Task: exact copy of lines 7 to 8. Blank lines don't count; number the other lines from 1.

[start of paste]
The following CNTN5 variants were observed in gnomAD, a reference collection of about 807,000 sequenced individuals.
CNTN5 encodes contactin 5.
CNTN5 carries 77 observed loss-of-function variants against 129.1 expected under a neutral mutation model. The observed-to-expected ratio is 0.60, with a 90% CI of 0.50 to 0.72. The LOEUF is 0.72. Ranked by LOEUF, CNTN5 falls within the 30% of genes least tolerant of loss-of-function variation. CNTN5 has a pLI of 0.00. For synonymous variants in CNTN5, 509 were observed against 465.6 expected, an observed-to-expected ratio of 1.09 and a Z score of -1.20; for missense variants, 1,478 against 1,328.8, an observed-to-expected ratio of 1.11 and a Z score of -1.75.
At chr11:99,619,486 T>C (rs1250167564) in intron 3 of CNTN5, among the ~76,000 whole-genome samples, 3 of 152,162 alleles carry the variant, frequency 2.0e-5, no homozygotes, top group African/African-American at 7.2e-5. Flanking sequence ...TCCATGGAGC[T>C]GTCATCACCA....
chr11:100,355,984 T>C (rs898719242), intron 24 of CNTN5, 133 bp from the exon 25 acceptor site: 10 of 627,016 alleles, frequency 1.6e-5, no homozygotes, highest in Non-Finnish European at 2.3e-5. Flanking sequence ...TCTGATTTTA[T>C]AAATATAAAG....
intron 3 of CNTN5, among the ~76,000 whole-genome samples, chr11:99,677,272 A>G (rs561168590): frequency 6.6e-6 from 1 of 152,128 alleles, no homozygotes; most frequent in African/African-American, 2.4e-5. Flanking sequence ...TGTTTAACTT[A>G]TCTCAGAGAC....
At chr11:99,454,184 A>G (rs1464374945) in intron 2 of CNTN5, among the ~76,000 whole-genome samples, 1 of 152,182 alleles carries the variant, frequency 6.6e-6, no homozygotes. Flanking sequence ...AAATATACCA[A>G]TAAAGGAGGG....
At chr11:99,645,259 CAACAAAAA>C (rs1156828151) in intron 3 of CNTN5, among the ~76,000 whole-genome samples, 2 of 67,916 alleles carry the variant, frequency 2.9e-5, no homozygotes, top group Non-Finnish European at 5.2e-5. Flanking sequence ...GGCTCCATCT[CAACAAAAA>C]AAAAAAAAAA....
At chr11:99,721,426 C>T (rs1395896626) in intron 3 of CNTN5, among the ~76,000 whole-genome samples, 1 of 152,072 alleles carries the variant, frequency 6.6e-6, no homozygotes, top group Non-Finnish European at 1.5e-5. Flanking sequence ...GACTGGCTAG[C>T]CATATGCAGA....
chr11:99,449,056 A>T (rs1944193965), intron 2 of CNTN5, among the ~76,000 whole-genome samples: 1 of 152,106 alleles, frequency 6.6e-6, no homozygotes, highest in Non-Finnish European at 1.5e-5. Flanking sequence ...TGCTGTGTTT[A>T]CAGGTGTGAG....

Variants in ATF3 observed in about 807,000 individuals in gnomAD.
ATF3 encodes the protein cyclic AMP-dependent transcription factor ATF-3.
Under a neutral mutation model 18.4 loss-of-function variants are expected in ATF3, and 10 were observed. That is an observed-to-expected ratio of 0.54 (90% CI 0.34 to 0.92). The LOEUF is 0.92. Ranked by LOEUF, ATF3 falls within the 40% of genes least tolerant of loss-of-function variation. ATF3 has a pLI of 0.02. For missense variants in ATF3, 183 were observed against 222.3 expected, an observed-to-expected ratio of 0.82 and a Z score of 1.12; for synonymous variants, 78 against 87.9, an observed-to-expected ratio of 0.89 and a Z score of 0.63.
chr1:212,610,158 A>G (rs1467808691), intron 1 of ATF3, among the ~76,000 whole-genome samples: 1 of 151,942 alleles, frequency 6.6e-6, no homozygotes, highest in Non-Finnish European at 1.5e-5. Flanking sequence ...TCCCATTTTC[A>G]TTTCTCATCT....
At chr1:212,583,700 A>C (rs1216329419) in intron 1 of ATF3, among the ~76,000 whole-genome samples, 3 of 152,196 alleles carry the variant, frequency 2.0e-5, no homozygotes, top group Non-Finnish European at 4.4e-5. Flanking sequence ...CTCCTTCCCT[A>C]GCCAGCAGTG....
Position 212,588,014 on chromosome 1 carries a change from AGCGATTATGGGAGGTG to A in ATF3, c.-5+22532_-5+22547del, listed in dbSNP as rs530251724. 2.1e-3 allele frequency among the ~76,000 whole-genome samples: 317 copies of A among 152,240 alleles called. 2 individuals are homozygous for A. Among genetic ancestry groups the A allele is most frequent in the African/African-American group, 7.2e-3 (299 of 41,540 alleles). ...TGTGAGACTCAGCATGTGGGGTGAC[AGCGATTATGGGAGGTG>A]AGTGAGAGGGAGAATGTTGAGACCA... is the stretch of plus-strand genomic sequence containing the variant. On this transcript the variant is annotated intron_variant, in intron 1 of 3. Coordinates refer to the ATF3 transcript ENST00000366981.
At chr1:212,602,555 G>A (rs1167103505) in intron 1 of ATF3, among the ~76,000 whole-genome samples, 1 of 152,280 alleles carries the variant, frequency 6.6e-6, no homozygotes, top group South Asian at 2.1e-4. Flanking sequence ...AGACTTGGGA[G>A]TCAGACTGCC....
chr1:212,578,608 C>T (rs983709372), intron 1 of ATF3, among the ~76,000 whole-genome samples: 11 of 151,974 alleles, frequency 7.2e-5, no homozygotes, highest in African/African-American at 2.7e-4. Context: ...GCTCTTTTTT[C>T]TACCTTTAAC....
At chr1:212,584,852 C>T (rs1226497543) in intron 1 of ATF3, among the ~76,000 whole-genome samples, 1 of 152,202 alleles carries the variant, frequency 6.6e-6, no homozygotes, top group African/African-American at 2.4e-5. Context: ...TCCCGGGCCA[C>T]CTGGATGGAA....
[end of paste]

At chr11:99,454,184 A>G (rs1464374945) in intron 2 of CNTN5, among the ~76,000 whole-genome samples, 1 of 152,182 alleles carries the variant, frequency 6.6e-6, no homozygotes. Flanking sequence ...AAATATACCA[A>G]TAAAGGAGGG....
At chr11:99,645,259 CAACAAAAA>C (rs1156828151) in intron 3 of CNTN5, among the ~76,000 whole-genome samples, 2 of 67,916 alleles carry the variant, frequency 2.9e-5, no homozygotes, top group Non-Finnish European at 5.2e-5. Flanking sequence ...GGCTCCATCT[CAACAAAAA>C]AAAAAAAAAA....